Oz also warns to be wary of so­cial me­dia re­quests for money. “A scam­mer will hack into some­one’s ac­count and mes­sage fam­ily mem­bers and close friends with a be­liev­able anec­dote, such as that they’ve had their wal­let stolen. Ul­ti­mately, they’ll re­quest that you send them money. Since the at­tacker has been spy­ing on your gen­uine con­ver­sa­tions, the fraud­u­lent mes­sages con­tain highly prob­a­ble nar­ra­tives.” PRO­TECT YOUR­SELF: “The crux of this scam is get­ting peo­ple to send money to a dif­fer­ent ac­count, so this is the most im­por­tant thing. Call a busi­ness first to con­firm their bank de­tails be­fore mak­ing a pay­ment. If a friend has mes­saged you in dire need of money, phone them to con­firm.”

SCAM 3 CHEATS PASS OFF THEM­SELVES AS SPE­CIAL­ISTS

Scam­mers call claim­ing to be from a recog­nised IT com­pany, like Ap­ple or Mi­crosoft, and say they need to log on to your com­puter re­motely. OZ SAYS: “The caller will say you have an IT prob­lem, such as a virus, and they need to in­spect and scan your com­puter re­motely. The goal of the fraud is to get you to buy soft­ware or a ‘ser­vice’ to fix the com­puter, and the scam­mer will ul­ti­mately ask for your bank de­tails. These scams can of­ten turn ag­gres­sive if the vic­tim re­fuses to com­ply.” PRO­TECT YOUR­SELF: “Never pro­vide re­mote ac­cess to your com­puter to peo­ple you don’t know. And un­less you’ve ini­ti­ated the call your­self, never hand out per­sonal or bank­ing de­tails over the phone.”

SCAM 4 EBAY OF­FERS CAN BE FAKE

On­line mar­ket­places like ebay and Gumtree can be a haven for fraud­u­lent sell­ers who ad­ver­tise goods or ser­vices at cut prices to reel you in, then try to swerve se­cure pay­ment meth­ods like Paypal.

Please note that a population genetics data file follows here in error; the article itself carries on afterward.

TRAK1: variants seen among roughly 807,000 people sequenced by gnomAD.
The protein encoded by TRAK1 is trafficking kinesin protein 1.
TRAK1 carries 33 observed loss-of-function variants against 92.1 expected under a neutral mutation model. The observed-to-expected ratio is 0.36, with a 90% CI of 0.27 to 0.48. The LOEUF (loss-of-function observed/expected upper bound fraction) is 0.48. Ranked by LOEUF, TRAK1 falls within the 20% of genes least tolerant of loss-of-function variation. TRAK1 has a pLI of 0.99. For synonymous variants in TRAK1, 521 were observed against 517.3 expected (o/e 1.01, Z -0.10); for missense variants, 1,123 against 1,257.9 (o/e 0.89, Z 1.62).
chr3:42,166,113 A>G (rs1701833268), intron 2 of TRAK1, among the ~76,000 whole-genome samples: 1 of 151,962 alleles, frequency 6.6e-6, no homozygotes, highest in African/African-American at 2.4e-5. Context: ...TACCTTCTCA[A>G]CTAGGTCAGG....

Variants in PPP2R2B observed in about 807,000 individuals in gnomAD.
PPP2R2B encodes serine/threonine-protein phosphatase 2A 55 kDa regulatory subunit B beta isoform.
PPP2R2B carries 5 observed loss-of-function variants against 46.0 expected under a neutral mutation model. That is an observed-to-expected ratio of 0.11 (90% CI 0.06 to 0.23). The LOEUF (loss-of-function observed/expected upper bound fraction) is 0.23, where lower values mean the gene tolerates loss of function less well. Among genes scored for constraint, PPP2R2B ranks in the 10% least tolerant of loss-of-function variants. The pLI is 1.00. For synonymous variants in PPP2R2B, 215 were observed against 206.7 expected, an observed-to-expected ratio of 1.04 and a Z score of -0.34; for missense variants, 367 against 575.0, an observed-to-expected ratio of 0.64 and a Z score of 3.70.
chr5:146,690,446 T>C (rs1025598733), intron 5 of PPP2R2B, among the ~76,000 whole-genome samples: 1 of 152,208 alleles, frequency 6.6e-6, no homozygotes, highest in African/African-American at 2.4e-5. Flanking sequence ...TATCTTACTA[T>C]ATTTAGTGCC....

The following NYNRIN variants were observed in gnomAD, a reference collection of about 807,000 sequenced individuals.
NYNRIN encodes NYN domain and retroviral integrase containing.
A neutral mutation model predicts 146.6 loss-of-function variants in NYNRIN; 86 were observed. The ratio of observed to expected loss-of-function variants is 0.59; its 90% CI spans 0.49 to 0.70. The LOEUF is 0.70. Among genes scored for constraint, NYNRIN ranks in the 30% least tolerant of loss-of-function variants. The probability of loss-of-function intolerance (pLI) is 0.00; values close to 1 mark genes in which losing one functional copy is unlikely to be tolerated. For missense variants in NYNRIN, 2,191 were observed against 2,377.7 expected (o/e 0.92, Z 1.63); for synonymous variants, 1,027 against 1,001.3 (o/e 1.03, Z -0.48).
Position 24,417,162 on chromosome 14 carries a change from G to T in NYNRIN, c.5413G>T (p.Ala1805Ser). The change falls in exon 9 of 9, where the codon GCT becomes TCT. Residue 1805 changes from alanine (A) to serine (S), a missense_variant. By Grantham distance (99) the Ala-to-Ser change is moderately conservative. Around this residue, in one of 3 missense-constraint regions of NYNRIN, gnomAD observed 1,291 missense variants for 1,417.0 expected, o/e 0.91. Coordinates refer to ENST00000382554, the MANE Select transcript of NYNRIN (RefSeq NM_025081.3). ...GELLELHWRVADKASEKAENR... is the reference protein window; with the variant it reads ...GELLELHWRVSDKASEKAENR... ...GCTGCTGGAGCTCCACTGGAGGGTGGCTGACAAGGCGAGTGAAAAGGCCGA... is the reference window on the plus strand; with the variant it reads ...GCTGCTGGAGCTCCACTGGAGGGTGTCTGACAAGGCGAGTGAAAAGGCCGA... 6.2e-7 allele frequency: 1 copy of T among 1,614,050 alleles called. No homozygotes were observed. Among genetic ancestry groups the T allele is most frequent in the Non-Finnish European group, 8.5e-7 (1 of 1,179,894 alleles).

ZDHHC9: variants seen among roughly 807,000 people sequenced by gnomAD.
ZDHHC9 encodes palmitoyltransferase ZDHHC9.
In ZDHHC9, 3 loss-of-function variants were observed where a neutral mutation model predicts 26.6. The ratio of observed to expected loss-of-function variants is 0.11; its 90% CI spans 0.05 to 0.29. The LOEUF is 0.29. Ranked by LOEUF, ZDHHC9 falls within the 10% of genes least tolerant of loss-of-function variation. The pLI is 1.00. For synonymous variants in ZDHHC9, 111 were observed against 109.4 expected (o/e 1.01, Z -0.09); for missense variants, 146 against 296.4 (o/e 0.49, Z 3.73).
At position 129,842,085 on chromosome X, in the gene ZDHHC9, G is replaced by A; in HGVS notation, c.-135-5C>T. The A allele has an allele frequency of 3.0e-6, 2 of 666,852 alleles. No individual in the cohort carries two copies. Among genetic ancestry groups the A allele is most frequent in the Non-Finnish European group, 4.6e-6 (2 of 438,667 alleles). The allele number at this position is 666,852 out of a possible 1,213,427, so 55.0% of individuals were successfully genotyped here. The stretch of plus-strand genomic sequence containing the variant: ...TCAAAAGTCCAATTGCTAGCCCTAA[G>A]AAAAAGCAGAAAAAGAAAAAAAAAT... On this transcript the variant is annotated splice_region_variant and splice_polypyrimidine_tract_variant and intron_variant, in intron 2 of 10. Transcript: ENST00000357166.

OZ SAYS: “Scam­mers of­ten en­cour­age buy­ers to pay for their items di­rectly by bank trans­fer – of­fer­ing them a dis­count so they can save the Paypal/ebay fees. The item is then never sent and by swerv­ing Paypal you also lose your Buyer Pro­tec­tion – which means Paypal or ebay may not in­ter­vene to claim the money back. If you’re a seller, fraud­u­lent buy­ers us­ing a stolen card or hacked ac­count can pay for goods, then quickly ar­range to col­lect the item be­fore the gen­uine ac­count holder re­alises the money is gone. Once they do, the trans­ac­tion is then re­versed by the bank to re­fund the le­git­i­mate ac­count holder leav­ing you out of pocket.” PRO­TECT YOUR­SELF: “Don’t be tempted to pay sell­ers di­rectly, even if dis­counts are of­fered. Only buy through rep­utable sites. A locked pad­lock or un­bro­ken key sym­bol should al­ways ap­pear in your browser when bank­ing or shop­ping on­line. The web­site’s ad­dress will be pre­ceded by ‘https’ (not ‘http’) to il­lus­trate that a se­cure con­nec­tion has been made. On ebay, never com­plete a trans­ac­tion out­side of the site. Cars aren't cov­ered on ebay’s Buyer Pro­tec­tion so never pay for a car by re­mote card pay­ment. And if a buyer wants to get an item in per­son, in­sist on cash upon col­lec­tion.”